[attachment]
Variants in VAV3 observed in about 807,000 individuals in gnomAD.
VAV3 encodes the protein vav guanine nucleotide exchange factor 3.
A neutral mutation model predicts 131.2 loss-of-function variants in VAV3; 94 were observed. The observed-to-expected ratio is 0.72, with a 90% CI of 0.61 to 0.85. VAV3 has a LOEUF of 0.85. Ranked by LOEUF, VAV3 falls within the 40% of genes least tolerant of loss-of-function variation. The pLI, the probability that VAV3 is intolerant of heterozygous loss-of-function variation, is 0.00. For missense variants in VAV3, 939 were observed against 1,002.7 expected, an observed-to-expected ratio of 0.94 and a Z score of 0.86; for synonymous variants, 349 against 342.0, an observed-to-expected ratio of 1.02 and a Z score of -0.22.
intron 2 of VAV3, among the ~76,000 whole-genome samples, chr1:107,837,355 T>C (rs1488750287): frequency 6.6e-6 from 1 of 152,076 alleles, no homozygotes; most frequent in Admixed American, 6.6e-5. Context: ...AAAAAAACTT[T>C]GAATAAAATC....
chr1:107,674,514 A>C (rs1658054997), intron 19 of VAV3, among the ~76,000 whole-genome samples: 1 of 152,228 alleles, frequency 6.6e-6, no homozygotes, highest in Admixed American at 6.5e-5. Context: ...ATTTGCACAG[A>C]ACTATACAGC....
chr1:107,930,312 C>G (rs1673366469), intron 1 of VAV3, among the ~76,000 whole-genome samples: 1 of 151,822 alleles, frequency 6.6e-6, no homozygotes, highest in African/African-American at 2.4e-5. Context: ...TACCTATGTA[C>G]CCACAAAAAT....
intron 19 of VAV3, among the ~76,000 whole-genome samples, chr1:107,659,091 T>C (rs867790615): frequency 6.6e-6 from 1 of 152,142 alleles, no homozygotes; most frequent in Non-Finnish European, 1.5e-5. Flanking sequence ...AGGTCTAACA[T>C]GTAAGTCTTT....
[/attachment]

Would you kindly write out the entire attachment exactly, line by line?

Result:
Variants in VAV3 observed in about 807,000 individuals in gnomAD.
VAV3 encodes the protein vav guanine nucleotide exchange factor 3.
A neutral mutation model predicts 131.2 loss-of-function variants in VAV3; 94 were observed. The observed-to-expected ratio is 0.72, with a 90% CI of 0.61 to 0.85. VAV3 has a LOEUF of 0.85. Ranked by LOEUF, VAV3 falls within the 40% of genes least tolerant of loss-of-function variation. The pLI, the probability that VAV3 is intolerant of heterozygous loss-of-function variation, is 0.00. For missense variants in VAV3, 939 were observed against 1,002.7 expected, an observed-to-expected ratio of 0.94 and a Z score of 0.86; for synonymous variants, 349 against 342.0, an observed-to-expected ratio of 1.02 and a Z score of -0.22.
intron 2 of VAV3, among the ~76,000 whole-genome samples, chr1:107,837,355 T>C (rs1488750287): frequency 6.6e-6 from 1 of 152,076 alleles, no homozygotes; most frequent in Admixed American, 6.6e-5. Context: ...AAAAAAACTT[T>C]GAATAAAATC....
chr1:107,674,514 A>C (rs1658054997), intron 19 of VAV3, among the ~76,000 whole-genome samples: 1 of 152,228 alleles, frequency 6.6e-6, no homozygotes, highest in Admixed American at 6.5e-5. Context: ...ATTTGCACAG[A>C]ACTATACAGC....
chr1:107,930,312 C>G (rs1673366469), intron 1 of VAV3, among the ~76,000 whole-genome samples: 1 of 151,822 alleles, frequency 6.6e-6, no homozygotes, highest in African/African-American at 2.4e-5. Context: ...TACCTATGTA[C>G]CCACAAAAAT....
intron 19 of VAV3, among the ~76,000 whole-genome samples, chr1:107,659,091 T>C (rs867790615): frequency 6.6e-6 from 1 of 152,142 alleles, no homozygotes; most frequent in Non-Finnish European, 1.5e-5. Flanking sequence ...AGGTCTAACA[T>C]GTAAGTCTTT....